Wearisome Nights Appointed
James Smith, 1842
"Wearisome nights are appointed to me." Job 7:3
Whatever the Lord appoints for His people while below, bears the mark of infinite wisdom upon it. All His appointments are gracious — they flow from His infinite love. Wearisome nights are painful — but they are often beneficial. They remind us of mercies we have forgotten to be thankful for; of favors we have seldom if ever acknowledged. They conform to Jesus — he had wearisome nights when here below. What a night was that preceding His death! See Him on the cold ground in Gethsemane's garden — He agonizes with His God; He expostulates with His wearied disciples; He sweats great drops of blood. Oh what a dreadful night! Who shall attempt to estimate the weight of woe, under which the Redeemer groaned! The wrath of God for your sins, was upon Him; the curse of God for your transgressions, was entering as oil into His bones; the strokes of divine justice were bringing Him into the dust of death. How dreadful! How bitter must that cup have been, which made Him groan out from His inmost soul, "If it is possible, let this cup pass from me!"
No friend was near to soothe His sorrow, or to attempt to alleviate His woe; He trod the winepress alone. Think then of Jesus, as you are tossed to and fro unto the dawning of the day; and think that He suffered for your sins, the just for the unjust, that He might bring you to God. His was a wearisome night indeed!
Consider Job — how many, and what wearisome nights had he! His body literally covered with sore boils, from the crown of the head to the soles of the feet. His mind racked and tormented in an unexampled manner. His children, all His children removed, by sudden death; all His property stolen or destroyed; His servants disobedient and disorderly; His friends cruel and unkind, laying to his charge things which he knew not; and His wife estranged from him, crying "Curse God and die!" Add to all this, the light of the Lord's countenance was concealed from him, and Satan let loose, tempting, harassing, and distressing him.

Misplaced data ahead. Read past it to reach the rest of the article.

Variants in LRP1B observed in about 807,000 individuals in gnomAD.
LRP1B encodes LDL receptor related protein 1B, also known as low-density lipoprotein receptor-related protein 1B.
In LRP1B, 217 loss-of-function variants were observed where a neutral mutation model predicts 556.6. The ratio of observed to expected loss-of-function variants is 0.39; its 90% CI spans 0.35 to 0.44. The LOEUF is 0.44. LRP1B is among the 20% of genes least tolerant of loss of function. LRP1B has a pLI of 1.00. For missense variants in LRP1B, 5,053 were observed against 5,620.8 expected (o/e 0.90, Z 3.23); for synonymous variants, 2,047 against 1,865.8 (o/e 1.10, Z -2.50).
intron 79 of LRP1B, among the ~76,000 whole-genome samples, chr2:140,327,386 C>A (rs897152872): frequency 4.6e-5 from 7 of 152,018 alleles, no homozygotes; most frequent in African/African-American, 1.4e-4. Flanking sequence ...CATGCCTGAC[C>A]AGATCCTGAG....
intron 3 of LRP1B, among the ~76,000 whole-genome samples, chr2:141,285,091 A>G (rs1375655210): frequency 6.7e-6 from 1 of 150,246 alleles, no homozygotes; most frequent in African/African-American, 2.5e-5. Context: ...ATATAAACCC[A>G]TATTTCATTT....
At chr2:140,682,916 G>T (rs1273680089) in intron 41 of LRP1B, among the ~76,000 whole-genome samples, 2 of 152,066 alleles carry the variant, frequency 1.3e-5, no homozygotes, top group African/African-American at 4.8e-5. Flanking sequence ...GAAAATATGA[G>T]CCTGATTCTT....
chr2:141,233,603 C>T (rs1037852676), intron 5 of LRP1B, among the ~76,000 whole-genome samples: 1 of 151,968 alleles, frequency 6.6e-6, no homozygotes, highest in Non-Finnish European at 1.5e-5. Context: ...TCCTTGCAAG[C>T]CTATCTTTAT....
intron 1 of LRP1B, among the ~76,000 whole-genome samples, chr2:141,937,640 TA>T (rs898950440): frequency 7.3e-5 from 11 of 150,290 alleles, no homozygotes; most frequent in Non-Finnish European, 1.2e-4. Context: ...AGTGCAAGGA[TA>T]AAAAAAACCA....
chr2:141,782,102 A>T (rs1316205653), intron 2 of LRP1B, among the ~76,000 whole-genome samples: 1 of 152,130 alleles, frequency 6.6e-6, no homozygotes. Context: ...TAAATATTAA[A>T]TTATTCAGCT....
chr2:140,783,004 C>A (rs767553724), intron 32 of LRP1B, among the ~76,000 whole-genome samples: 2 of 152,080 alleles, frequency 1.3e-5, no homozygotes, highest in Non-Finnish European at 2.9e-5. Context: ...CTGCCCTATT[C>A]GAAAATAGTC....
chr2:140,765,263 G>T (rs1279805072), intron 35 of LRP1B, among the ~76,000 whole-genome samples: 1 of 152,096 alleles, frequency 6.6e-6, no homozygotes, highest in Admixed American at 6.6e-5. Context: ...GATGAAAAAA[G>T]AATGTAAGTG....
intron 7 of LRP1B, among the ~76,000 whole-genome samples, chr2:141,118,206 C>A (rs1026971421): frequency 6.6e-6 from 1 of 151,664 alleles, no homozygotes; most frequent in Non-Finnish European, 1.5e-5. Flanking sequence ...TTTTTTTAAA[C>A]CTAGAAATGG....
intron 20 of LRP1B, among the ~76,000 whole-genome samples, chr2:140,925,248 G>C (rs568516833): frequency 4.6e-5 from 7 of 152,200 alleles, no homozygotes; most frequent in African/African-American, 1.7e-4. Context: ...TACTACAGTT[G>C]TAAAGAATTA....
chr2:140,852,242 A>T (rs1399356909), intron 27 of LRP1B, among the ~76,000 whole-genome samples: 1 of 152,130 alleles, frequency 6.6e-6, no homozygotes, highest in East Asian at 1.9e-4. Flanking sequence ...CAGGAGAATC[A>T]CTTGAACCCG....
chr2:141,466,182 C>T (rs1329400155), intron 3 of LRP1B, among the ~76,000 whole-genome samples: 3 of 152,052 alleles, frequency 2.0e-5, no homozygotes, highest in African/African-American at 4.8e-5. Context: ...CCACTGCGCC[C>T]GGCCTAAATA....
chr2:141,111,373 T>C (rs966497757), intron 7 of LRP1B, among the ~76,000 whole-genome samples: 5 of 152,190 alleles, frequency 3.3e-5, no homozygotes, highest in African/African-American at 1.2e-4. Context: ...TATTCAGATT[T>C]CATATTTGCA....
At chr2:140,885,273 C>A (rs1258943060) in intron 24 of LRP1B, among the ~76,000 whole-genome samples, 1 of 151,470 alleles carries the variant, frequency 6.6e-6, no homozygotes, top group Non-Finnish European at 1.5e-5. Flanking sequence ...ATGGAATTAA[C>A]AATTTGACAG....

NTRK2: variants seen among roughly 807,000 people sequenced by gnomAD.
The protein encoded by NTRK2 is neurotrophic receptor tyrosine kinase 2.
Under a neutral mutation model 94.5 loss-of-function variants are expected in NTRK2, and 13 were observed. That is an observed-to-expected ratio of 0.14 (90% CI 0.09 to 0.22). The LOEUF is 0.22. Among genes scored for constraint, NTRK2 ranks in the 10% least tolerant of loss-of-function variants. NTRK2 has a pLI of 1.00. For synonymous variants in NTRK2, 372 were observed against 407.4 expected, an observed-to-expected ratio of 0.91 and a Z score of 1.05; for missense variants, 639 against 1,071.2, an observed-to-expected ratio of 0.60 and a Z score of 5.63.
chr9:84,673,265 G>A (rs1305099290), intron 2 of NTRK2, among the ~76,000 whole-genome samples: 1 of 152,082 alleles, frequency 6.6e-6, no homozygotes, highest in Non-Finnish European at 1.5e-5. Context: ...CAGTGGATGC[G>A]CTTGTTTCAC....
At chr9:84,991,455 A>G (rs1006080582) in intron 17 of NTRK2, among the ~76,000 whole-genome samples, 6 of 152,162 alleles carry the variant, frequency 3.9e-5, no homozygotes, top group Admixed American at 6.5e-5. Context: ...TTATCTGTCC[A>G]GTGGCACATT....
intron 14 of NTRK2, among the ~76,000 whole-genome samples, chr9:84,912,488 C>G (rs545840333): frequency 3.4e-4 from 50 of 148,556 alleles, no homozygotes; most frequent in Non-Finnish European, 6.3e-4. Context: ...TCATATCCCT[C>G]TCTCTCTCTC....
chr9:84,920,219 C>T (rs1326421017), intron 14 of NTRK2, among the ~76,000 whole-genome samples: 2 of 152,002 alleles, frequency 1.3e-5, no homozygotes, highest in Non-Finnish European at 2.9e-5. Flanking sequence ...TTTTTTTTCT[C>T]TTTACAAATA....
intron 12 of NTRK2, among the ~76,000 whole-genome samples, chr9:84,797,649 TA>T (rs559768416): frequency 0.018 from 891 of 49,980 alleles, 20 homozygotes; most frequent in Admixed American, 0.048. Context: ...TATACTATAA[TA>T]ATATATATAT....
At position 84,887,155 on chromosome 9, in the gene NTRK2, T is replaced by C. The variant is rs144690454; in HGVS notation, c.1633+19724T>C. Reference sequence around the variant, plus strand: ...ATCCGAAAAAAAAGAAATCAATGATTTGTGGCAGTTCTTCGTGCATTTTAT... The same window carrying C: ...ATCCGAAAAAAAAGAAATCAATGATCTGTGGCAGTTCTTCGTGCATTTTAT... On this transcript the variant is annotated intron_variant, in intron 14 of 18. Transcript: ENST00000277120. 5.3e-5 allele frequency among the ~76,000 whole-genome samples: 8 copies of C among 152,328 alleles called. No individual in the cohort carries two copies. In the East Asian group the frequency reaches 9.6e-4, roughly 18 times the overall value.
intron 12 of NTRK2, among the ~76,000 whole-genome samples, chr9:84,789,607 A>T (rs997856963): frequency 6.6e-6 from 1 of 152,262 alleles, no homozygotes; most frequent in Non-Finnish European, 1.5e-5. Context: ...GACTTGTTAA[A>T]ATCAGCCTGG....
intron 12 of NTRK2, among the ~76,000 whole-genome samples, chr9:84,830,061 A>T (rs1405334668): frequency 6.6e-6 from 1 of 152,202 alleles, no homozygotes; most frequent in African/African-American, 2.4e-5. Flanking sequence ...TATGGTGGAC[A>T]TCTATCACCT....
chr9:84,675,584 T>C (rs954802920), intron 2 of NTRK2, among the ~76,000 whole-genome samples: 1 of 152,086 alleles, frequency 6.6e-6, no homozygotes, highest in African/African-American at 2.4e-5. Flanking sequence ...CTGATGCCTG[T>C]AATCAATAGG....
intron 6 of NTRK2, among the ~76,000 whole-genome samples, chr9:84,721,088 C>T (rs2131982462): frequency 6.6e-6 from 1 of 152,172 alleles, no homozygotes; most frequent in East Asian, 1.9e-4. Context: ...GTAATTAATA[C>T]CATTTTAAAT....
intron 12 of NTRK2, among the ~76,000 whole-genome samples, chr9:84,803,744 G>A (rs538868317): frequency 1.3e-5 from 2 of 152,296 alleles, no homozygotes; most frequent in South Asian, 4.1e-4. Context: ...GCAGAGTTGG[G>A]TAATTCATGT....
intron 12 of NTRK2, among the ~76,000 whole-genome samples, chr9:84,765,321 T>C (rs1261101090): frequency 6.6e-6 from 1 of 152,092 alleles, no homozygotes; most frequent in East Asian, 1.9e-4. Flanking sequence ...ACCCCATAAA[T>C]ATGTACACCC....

What are your wearisome nights, compared with his? He had not one or two — but many such nights; until His soul chose strangling and death, rather than life.
Look at David, the man after God's own heart — how many wearisome nights had he! Sometimes we find him in a palace on a princely bed; at other times in a wilderness, a desert, or a cave. We read of his sore running in the night, and ceasing not; his soul refusing to be comforted; of his being so troubled that he could not speak. He exclaims, "My soul is full of troubles, and my life draws near unto the grave. You have put away my acquaintance far from me, you have made me an abomination unto them. My heart is smitten and withered like grass; by reason of the voice of my groaning, my bones cleave to my skin: for I have eaten ashes like bread, and mingled my drink with weeping."
Thousands of God's people before you, have been thus exercised and tried; therefore do not think that your lot is hard, or that Jehovah is lacking in love to you. He says, "As many as I love — I rebuke and chasten; be zealous therefore and repent." Think of your mercies — consider your deserts. Call upon God for patience and resignation to His will. Be more concerned to do and suffer the will of God, than to have your own desires granted. Wearisome nights will soon end, the last wearisome night will soon have passed away; and then you will "enter into peace." Rejoice always in the Lord, and drink of the river of His pleasure.